If you’re reading this article, chances are you know something about Information Technology (IT). “Computer use has become pervasive in our society,” maintains Joyce Malyn-Smith of EDC’s Center for Education, Employment, and Community (CEEC). “We absorb IT skills in the course of our everyday lives, from using an ATM to sending an e-mail.” The diffuse ways we develop these skills, however, may mean that traditional models of literacy and skills development are ill-suited to the natural, and rapid, evolution of IT skills. And that’s a problem because technical literacy has become a barrier—or springboard—to so many careers and business opportunities.
Convinced that all students need some familiarity with IT, and that some need in-depth IT training, Malyn-Smith and her colleagues have developed the Educators’ Website for Information Technology (EWIT). An online IT clearinghouse for educators and others concerned with teaching and learning Information Technology, EWIT explicitly links K-20 education with IT industry skill standards. “Our goal,” says Malyn-Smith, is to “reconcile educators’ work in developing IT career pathways with industry’s needs and expectations for skilled workers.”
The site is organized around four broad themes: news, instructional resources, statistics, and IT “champions.”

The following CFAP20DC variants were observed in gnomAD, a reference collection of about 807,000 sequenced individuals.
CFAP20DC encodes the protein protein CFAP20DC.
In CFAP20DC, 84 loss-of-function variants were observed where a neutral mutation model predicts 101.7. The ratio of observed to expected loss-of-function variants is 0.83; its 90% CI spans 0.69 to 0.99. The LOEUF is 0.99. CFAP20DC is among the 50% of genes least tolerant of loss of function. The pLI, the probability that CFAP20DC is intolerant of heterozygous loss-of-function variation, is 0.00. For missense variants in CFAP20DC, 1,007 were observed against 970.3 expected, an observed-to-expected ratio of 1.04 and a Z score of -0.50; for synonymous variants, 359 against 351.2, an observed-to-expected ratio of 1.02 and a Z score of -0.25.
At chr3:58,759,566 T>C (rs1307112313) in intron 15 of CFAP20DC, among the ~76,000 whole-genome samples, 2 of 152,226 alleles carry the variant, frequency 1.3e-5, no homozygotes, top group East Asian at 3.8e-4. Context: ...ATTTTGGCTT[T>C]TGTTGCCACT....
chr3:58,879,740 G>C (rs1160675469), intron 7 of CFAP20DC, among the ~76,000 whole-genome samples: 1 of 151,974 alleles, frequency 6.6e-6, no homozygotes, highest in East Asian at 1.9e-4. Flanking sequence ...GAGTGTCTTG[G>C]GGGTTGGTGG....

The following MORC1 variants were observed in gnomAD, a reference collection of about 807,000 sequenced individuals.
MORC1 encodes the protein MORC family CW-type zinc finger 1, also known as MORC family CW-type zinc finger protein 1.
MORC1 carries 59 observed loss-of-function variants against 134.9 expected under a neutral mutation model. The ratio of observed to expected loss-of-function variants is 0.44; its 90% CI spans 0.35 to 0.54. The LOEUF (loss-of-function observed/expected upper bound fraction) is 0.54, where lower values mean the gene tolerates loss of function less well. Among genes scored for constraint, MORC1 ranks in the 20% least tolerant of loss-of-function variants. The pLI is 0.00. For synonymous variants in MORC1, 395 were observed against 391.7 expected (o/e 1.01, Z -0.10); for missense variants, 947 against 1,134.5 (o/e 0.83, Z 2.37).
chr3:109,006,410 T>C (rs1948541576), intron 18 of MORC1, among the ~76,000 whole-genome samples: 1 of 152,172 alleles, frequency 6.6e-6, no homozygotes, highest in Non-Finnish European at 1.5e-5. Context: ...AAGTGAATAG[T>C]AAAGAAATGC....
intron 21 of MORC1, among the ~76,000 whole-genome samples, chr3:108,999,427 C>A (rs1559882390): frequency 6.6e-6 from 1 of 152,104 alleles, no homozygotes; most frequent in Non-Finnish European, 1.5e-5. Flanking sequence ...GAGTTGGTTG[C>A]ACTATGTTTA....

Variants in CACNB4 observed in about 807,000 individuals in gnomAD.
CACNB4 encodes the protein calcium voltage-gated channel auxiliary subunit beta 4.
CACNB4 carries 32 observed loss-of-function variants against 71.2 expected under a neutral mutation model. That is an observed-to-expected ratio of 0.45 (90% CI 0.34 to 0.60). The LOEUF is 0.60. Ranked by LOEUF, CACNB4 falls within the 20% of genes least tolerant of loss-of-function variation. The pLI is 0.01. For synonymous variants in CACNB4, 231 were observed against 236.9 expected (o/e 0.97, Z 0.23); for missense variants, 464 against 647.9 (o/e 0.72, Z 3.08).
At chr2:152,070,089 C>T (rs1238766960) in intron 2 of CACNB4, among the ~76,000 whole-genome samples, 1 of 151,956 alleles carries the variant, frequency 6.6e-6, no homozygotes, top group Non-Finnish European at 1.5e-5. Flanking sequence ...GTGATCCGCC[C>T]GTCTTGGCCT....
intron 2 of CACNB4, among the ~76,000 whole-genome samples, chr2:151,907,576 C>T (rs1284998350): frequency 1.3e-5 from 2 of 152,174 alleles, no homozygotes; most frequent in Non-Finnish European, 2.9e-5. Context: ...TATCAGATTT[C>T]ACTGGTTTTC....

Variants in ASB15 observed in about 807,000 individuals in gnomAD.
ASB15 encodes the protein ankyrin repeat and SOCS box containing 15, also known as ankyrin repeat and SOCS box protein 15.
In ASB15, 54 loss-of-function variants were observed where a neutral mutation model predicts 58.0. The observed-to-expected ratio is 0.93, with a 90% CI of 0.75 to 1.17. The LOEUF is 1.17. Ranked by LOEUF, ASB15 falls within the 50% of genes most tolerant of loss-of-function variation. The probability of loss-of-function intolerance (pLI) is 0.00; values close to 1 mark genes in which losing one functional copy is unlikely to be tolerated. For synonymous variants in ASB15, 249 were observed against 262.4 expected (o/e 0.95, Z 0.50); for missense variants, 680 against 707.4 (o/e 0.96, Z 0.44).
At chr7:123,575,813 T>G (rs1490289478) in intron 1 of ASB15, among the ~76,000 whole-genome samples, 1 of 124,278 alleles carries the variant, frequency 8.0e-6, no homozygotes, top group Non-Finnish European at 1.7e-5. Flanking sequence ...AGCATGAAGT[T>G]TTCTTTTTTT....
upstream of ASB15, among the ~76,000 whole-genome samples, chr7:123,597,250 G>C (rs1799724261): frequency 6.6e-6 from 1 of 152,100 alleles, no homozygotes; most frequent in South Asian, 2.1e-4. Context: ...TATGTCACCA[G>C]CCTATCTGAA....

“We start with news,” explains Malyn-Smith, “because of their classroom focus, many teachers are ‘isolated’ from the world outside the school building. They may follow only one or two areas of special interest, and miss important changes in business and industry that may affect their teaching and their students.” The current news page, for instance, highlights the Information Technology Association of America’s report on the growing need for a workforce with information technology skills, Bridging the Gap: Information Technology Skills for a New Millenium, and a report on the need for schools to change the way information technology is used, applied and taught in the nation’s classrooms, from AAUW’s Tech-Savvy: Educating Girls for the New Computer Age.